Wednesday, August 25, 2010

Watching events unfold "live" on TV


Yesterday evening, I had the time and opportunity to blog... but I just didn't feel like doing so -- this especially because my mood was heavy and thus far, I've tried to generally maintain a positive (Pollyanna-ish even) perspective when writing this blog. Some twenty four hours on, I am on a more even emotional keel. However, it seems like it would be remiss of me to let recent events in the Philippines involving a bus load of Hong Kong tourists go unmentioned and unmourned on a blog that, after all, is being produced out of Hong Kong.

On Monday evening, I met up with two friends for dinner in Kowloon City. As it so happened, our choice of restaurant was one within which a television was centrally placed -- so that people could watch whatever played on the channel of choice as they ate. And that Monday evening, the customers -- and waitresses -- found their attentions drawn to a "live" broadcast of a dramatic, at times downright surreal, hostage situation that lasted for several hours and tragically ended with several deaths.

As if it wasn't bad enough to be watching such a terrible event unfold in front of our very eyes there and then, as I did so, I found myself recalling previous times that I had watched 'live' on TV events that I knew would be top news stories. For even while the only other time I've watched such an event unfold 'live' on TV in Hong Kong, it was something positive and celebratory in the form of the Opening Ceremony of the 2008 Beijing Olympics, the fact of the matter is that the most hard-to-forget such experience in recent memory took place when I was living in Philadelphia on the morning of September 11, 2001. (And, as a matter of fact, I did actually have nightmares that wove in memories of 9/11 along with what I had seen and read about the Philippines hostage disaster on Monday night.)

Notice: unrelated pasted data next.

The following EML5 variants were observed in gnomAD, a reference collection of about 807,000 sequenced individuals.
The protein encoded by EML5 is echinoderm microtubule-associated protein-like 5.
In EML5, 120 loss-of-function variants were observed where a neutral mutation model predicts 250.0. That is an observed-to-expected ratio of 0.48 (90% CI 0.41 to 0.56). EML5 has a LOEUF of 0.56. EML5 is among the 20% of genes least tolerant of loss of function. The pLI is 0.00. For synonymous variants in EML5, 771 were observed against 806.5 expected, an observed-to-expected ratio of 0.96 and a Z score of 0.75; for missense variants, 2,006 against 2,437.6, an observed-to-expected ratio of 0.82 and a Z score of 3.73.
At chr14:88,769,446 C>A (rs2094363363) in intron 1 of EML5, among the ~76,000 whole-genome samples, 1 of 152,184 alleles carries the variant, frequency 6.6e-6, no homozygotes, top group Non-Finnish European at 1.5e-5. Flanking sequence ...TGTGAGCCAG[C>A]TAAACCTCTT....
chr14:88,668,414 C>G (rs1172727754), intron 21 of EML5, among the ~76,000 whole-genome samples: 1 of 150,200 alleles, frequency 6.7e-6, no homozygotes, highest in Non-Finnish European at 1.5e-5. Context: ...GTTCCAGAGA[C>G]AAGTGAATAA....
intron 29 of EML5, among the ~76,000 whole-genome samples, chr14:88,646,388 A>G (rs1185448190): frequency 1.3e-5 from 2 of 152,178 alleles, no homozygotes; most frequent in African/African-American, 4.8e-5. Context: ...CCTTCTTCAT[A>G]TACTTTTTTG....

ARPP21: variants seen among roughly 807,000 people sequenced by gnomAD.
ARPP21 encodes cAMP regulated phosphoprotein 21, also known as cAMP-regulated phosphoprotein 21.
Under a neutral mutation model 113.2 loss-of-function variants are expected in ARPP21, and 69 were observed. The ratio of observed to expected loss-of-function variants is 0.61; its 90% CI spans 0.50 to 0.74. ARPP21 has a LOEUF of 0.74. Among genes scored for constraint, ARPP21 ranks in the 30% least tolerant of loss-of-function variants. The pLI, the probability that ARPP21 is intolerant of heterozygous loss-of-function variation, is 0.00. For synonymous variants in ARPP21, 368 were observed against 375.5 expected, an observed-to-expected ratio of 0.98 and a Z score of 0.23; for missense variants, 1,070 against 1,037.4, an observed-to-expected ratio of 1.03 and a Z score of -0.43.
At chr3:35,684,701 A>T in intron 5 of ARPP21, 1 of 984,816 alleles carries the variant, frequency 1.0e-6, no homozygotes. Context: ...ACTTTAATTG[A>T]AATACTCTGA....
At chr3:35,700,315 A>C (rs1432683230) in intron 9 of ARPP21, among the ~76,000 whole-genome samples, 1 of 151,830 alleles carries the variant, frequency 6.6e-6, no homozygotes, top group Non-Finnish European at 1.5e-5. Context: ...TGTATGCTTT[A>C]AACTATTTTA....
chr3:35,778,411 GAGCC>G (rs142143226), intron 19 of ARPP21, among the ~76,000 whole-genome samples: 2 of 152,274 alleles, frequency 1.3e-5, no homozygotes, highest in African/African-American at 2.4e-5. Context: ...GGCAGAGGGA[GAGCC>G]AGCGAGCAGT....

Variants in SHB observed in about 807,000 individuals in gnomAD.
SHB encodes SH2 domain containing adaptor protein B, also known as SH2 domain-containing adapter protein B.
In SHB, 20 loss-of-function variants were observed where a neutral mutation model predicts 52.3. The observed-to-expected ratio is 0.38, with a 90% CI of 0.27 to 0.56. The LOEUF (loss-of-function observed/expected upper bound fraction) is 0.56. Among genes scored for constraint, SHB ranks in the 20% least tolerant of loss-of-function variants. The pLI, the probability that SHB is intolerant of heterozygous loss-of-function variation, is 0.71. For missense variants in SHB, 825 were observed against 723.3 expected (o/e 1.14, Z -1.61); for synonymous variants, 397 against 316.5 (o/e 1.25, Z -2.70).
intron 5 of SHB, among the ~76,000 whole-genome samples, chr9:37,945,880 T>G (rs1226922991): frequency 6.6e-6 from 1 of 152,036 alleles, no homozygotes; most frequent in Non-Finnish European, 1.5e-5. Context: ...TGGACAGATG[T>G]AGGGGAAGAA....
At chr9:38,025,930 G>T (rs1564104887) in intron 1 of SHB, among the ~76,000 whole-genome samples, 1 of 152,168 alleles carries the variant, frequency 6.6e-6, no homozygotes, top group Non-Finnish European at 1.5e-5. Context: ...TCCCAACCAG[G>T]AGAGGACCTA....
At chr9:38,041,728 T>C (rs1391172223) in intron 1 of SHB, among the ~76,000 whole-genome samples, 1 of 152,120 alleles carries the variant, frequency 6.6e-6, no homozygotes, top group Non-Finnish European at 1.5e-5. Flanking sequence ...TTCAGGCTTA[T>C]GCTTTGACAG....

Also, while my previous 'live' TV news experience before those ones involved watching that truly surreal car chase involving O. J. Simpson back in June, 1994, the previous two before that consisted of watching disturbing Gulf War news footage and broadcasts of events leading up to -- along with the actual events surrounding -- the June 4th, 1989, massacre at Tiananmen Square...

Returning to the subject of the recent events: I don't think it is an exaggeration to state that the whole Hong Kong has been in shock and mourning as a result of the event which has hit home because it involved Hong Kongers and also was watched "live" on TV by so many. And even while I'm not a native Hong Konger, I cannot but feel so very sorry for the victims -- and by these I don't only mean the dead but such as the poor woman who physically survived the horrific hostage crisis but now is without a husband, also outlived her two daughters and finds her son in critical condition as I write this entry.

Small consolation, I know, but many people's thoughts are with these people. I can but hope that the survivors of this terrible event which saw too many individuals lose their lives possess the courage and strength to carry on living. And that this event is not easily forgotten and be one from which people can learn from -- including in terms of not only how stupid and crazy people can get but also how heroic and caring. (I'm thinking in the latter case particularly of the man who sacrificed himself to protect his wife and the woman whose quick-thinking saved not only her two children but also another child who is not biologically related to her. May there be more people like them in this world.)

6 comments:

ewaffle said...

This is an example of why we stopped watching television. I don't want to see events as they unfold--or at least those parts of the events that cameras and microphones can record. I prefer to read my news.